Thursday, April 19, 2012

The Very Hungry Caterpillar

Sometimes the best project ideas come from other people. So, I must start this post off with a huge thank you to my friend Libby Quinn. This is an idea that she brought to me. She's the owner of a local Tucson business called Sign With Baby Tucson.  Among other things, she does ASL (American Sign Language) storytimes for children all around Tucson. (Locals, check out her website and Facebook page, she's awesome!)

She called me and asked if I could make a puppet and props for a series of stories based loosely on The Very Hungry Caterpillar. Okay. A puppet...and props for the puppet...to be used at storytimes for kids...based on one of my (and my son's) favorite board book ever???

YES, please!!

Seriously, what is there not to love about a project like this? We talked about what she envisioned; a caterpillar puppet, a bunch of fruits and vegetables with holes through the center, a cocoon, and of course, the beautiful butterfly. And then we talked materials, deciding to do the bulk of the project with felt, it's readily available, not expensive and we both had a bunch already. And then a time frame for completion, and I was off to the races.

Right away I realized that making a hand puppet for a storyteller who uses sign language posed some interesting challenges. A regular sock style or hand puppet wouldn't work, as her hands need to be free to speak. And it would be awkward to hold any kind of rod, (my original idea for the butterfly) because "butterfly" is a 2 handed sign. Thankfully, she's the professional here and already had an idea about that; having the caterpillar strap to her forearm and having the fruits and veggies go over the caterpillar, leaving her hands free.

So, with the plan in place, I got to work. I started with the caterpillar. I used green felt strips gathered slightly to make the top of his "segmented" body and a flat piece with elastic and velcro for her to slip over her arm on the bottom. Then I stuffed the body with poly-fill and set it aside.


For his head, I cut a big red circle of polar fleece (I like the way it stretches better) and ran a gathering stitch around the outside edge, appliqued his eyes and nose on, pulled the gathering stitches partially closed and stuffed the head.


Next, I hand stitched the head onto the body and added the antennae. And there he was, one Very Hungry Caterpillar!

(squeal!)

Next I got started on the fruits and vegetables. She chose potatoes, corn, green beans, peas, carrot, grapes, apple, peach, pear, banana, orange, watermelon, and strawberry. I wanted them to be stiff enough to stand up, but with enough flexibility to stack very close together and fold down into the cocoon. I ended up pinning 2 pieces of felt together, then drawing an outline of my fruit or veggie, stitching around the outline and cutting on the outside of the stitching line. Then I traced a circle in the center, stitched around the outline and cut out the hole.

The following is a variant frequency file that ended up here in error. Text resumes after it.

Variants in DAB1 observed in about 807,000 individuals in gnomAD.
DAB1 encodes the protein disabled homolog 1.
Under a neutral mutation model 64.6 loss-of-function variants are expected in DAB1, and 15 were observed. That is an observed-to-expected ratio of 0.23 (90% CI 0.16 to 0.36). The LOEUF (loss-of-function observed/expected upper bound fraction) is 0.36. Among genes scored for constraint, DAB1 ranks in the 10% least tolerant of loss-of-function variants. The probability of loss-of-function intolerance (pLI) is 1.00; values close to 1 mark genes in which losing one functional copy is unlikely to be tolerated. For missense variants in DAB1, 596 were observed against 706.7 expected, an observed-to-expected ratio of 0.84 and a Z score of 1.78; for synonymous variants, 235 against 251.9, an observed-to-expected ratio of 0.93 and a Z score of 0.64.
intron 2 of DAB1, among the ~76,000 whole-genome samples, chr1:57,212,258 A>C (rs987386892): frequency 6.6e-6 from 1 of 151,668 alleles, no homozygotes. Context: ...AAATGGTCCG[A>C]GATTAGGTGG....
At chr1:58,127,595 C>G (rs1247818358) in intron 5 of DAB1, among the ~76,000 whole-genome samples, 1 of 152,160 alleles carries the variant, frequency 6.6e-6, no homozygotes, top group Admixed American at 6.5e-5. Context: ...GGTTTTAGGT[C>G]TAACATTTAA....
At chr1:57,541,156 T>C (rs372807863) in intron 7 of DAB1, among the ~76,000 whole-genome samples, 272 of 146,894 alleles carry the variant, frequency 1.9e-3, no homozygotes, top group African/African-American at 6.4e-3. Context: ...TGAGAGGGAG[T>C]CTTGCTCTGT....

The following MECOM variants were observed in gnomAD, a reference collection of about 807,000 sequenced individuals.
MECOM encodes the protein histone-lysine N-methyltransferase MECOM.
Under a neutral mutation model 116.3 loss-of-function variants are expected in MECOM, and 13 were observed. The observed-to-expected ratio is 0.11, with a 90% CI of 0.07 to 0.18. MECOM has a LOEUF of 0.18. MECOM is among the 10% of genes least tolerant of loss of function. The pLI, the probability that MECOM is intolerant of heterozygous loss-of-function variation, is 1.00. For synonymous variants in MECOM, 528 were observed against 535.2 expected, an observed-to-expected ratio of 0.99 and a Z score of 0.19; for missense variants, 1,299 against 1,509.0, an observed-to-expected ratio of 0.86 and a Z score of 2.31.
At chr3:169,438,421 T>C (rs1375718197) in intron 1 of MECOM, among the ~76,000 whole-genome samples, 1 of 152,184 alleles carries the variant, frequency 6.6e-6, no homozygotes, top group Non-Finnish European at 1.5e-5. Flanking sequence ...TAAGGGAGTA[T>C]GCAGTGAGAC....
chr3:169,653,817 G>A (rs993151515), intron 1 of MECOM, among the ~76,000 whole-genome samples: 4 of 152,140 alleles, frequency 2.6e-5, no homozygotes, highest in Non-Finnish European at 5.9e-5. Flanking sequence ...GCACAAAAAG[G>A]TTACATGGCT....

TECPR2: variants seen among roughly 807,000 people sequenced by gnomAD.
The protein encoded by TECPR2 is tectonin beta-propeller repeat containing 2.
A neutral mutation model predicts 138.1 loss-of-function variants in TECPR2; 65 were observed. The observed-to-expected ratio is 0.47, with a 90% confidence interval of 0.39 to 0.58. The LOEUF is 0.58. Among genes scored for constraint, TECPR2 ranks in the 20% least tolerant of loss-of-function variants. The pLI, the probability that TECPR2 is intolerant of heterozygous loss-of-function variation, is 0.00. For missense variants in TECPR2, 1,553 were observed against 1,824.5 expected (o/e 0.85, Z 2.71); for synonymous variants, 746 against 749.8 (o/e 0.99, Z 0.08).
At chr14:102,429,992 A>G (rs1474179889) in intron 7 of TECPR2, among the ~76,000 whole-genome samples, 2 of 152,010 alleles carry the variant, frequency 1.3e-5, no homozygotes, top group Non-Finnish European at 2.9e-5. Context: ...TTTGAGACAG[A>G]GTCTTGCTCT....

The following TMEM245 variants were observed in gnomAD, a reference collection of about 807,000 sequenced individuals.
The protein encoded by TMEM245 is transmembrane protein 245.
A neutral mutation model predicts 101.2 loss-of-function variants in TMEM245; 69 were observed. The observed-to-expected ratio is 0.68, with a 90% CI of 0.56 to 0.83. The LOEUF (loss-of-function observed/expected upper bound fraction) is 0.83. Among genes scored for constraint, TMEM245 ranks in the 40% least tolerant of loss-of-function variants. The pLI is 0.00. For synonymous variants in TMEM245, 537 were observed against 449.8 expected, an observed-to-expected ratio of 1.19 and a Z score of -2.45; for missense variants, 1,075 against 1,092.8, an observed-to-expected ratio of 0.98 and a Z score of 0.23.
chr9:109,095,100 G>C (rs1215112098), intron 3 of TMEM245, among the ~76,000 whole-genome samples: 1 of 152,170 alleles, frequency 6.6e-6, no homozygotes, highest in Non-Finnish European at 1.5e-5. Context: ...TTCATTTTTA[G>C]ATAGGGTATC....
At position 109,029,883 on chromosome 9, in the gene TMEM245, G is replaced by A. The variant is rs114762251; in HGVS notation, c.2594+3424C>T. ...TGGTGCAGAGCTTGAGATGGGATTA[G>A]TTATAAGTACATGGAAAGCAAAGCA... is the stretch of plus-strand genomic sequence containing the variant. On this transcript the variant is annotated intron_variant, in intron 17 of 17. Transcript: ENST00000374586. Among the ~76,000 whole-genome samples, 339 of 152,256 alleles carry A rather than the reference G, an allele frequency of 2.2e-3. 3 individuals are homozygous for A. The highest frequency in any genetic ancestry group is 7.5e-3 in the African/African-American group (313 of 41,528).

As I went along, I added some details like leaves, stems, and some "quilting" to give them all some dimension. Next, I cut out circles slightly larger than the holes and stitched them a little ways across the top. This makes the fruit or veggie look "whole" before the caterpillar eats through it. (And as an added bonus, these can be used in other stories.)

Here are a few of my favorites finished--

grapes

strawberry

corn

green beans

A group photo of everything finished.




To see more photos of the individual fruits and veggies, check out my flickr photostream here: NoBusinessLikeSewBusinessFlickr

Now that I had the caterpillar and the fruits and veggies, I had an idea of how big the cocoon was going to have to be. Pretty big. And I have to admit, at this point, I was stumped. At first, I thought I could just use 1/4 inch upholstery foam as a base, sew fabric onto it, maybe add a little batting for some extra dimension and somehow make that into a tube. So, using a variety of brown fabrics, I came up with this.


Which I really liked. And it worked great. Right up to the "make it into a tube" part.  Where I got stumped. I spent most of a day trying to make an idea work, when I accidentally found the perfect solution. 

Large embroidery hoops. Seriously. They're big, round circles with holes in the center. Already made. So, using a combination of hot glue and staples, I put the largest hoop in the center and two slightly smaller ones at either end. And this is one of those great times where the more imperfect something is, the better it looks. I was loving it!


And then it rolled off the table.  So I added a straight piece along the bottom as a "cocoon stop". And then it was perfect!


Here it is finished from the front. I love all the different textures and layers of fabric it has.